Sunday, October 31, 2010

The Fun Factor

One of my favorite of Dr. Phil's lines is, "how much fun are you to live with?" It is useful from time to time to stop and reflect on how we are coming across to those whose lives touch ours. Are you an encourager to others, or a discourager? Do you grump around the house or the office, or does your presence brighten other people's day?

One researcher studied human perception, and designed 4 window panes of perception. There are the things you know about yourself that noone else knows, the things that are tranparent about you that others can also tell(like your eye color),the things that are unknown about you both to yourself and others, and finally, the things others know about you that you are not aware of. It is that last quadrant, of how others perceive you, that can be an instructive area for reflection.

Each person in a family is responsible for helping set the tone in the family. Families are complicated energy systems, and each person doing their part to make daily life, family meals ,events, chores, and routines peaceful and fun makes the family a better place to be. Family meetings at home, or family therapy with a skilled counselor, can make a huge difference in getting everyone to recognize the powerful impact of their tone, actions, and words on the rest of the family.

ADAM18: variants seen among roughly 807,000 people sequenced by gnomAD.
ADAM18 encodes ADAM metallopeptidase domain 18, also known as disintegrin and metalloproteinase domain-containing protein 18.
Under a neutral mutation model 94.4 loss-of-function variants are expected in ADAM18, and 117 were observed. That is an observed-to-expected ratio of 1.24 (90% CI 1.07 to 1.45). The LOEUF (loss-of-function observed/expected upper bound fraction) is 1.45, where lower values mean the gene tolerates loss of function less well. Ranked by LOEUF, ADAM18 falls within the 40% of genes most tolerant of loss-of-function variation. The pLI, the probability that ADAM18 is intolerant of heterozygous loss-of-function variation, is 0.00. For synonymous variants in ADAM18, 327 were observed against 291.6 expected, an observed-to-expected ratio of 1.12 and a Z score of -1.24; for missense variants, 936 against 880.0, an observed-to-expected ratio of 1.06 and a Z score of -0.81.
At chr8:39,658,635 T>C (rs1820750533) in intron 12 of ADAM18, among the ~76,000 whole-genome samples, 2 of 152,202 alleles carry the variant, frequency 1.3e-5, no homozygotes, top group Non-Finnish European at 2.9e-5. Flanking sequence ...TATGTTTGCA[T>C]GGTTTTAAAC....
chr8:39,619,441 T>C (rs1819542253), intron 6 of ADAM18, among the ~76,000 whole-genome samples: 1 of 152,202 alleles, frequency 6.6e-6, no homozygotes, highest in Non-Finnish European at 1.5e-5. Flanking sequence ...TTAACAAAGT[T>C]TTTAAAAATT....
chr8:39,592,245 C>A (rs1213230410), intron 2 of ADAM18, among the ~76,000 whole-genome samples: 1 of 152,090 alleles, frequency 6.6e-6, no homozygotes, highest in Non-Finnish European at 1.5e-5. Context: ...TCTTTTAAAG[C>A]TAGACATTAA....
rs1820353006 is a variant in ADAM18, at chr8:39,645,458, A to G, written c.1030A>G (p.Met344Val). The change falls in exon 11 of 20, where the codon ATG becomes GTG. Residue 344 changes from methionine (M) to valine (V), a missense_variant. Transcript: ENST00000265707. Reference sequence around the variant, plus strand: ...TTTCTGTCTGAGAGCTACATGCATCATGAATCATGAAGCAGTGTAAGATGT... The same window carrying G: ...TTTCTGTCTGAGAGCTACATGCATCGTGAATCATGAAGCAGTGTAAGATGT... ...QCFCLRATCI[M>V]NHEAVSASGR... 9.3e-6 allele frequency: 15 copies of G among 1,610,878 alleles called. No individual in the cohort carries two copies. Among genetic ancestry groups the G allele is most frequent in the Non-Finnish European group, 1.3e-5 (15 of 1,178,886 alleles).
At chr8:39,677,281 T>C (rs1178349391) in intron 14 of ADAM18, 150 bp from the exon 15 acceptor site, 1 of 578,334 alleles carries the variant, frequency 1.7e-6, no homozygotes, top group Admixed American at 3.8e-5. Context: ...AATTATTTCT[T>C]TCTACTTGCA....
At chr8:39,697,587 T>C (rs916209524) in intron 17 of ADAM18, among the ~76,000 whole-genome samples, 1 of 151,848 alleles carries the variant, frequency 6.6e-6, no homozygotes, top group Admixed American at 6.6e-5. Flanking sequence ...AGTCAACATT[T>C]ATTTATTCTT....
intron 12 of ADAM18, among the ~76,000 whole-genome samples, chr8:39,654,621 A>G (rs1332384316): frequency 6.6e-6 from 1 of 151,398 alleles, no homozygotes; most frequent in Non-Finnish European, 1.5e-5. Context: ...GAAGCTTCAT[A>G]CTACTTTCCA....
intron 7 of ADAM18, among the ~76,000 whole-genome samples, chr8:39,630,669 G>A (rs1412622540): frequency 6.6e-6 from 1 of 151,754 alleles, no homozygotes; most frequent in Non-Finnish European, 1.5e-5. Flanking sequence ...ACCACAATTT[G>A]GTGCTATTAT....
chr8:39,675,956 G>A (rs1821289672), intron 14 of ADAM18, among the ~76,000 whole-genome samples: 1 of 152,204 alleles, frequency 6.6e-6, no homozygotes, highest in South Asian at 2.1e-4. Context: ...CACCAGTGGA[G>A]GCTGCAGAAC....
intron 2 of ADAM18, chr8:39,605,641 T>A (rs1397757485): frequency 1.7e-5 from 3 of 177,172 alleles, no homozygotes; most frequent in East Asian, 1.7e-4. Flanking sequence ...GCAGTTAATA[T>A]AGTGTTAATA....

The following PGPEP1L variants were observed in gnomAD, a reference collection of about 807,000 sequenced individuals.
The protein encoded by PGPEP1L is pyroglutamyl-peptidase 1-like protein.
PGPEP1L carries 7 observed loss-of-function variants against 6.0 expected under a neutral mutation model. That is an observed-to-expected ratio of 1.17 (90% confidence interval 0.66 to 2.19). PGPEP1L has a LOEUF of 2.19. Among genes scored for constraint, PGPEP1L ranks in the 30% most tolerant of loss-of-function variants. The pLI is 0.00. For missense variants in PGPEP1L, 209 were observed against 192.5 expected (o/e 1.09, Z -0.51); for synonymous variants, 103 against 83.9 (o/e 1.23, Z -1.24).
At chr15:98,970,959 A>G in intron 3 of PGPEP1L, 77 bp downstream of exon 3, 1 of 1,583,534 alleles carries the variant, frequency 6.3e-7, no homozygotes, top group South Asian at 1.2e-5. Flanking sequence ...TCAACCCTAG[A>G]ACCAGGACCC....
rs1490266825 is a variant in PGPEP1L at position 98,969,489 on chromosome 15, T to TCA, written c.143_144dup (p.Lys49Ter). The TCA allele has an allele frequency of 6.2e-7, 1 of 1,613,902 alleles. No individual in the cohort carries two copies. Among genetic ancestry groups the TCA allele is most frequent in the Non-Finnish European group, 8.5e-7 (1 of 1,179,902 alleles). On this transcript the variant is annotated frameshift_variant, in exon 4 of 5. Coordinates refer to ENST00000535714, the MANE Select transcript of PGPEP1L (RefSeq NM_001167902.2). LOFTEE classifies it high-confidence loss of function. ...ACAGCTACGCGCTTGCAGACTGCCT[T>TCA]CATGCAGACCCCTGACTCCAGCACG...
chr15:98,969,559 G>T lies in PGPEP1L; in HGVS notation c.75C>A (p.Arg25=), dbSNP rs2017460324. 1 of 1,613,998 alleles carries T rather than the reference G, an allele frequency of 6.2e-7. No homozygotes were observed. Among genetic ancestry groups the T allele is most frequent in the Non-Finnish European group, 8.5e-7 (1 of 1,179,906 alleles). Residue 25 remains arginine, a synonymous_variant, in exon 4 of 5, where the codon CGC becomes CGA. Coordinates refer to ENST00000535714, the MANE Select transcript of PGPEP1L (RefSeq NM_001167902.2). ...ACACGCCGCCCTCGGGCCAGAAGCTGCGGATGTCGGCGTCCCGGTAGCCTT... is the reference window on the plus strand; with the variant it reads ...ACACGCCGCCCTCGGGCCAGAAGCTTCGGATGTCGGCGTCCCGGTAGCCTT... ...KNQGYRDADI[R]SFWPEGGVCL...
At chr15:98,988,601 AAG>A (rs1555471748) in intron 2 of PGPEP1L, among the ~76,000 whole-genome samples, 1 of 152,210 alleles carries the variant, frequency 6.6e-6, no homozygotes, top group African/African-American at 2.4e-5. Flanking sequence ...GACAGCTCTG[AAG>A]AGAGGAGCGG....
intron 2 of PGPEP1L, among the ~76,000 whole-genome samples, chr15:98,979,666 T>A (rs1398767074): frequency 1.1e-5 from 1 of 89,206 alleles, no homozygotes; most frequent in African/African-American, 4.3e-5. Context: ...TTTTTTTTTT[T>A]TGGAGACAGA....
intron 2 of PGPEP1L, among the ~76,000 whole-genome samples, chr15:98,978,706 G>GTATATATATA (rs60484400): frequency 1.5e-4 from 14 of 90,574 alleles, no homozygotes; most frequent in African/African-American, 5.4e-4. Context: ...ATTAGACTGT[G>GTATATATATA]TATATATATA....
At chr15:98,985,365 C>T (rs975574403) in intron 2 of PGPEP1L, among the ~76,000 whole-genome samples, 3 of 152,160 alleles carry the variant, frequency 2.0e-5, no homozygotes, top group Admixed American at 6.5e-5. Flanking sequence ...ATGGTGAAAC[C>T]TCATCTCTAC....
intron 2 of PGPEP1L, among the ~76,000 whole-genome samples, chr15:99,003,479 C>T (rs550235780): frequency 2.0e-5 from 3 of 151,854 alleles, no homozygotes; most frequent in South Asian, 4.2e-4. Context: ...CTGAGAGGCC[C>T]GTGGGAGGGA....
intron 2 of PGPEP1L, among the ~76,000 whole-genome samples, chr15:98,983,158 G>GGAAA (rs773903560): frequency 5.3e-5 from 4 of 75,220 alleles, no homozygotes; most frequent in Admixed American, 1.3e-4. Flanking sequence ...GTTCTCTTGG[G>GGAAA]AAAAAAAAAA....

There is no place for sarcasm, insults, sullenness ,and refusing to talk to others, in a great marriage or family. Some people learned these passive-aggressive behaviors in their family of origin, but it doesn't mean they should be continued. I work with people in counseling to examine the communication styles and patterns in their families growing up, keep the good and get rid of the rest. Taking ownership of how you come across to those you love most, and live with daily, is empowering. If you can be open and non-defensive, you can learn much from asking those you live with about how you are doing in relating to them.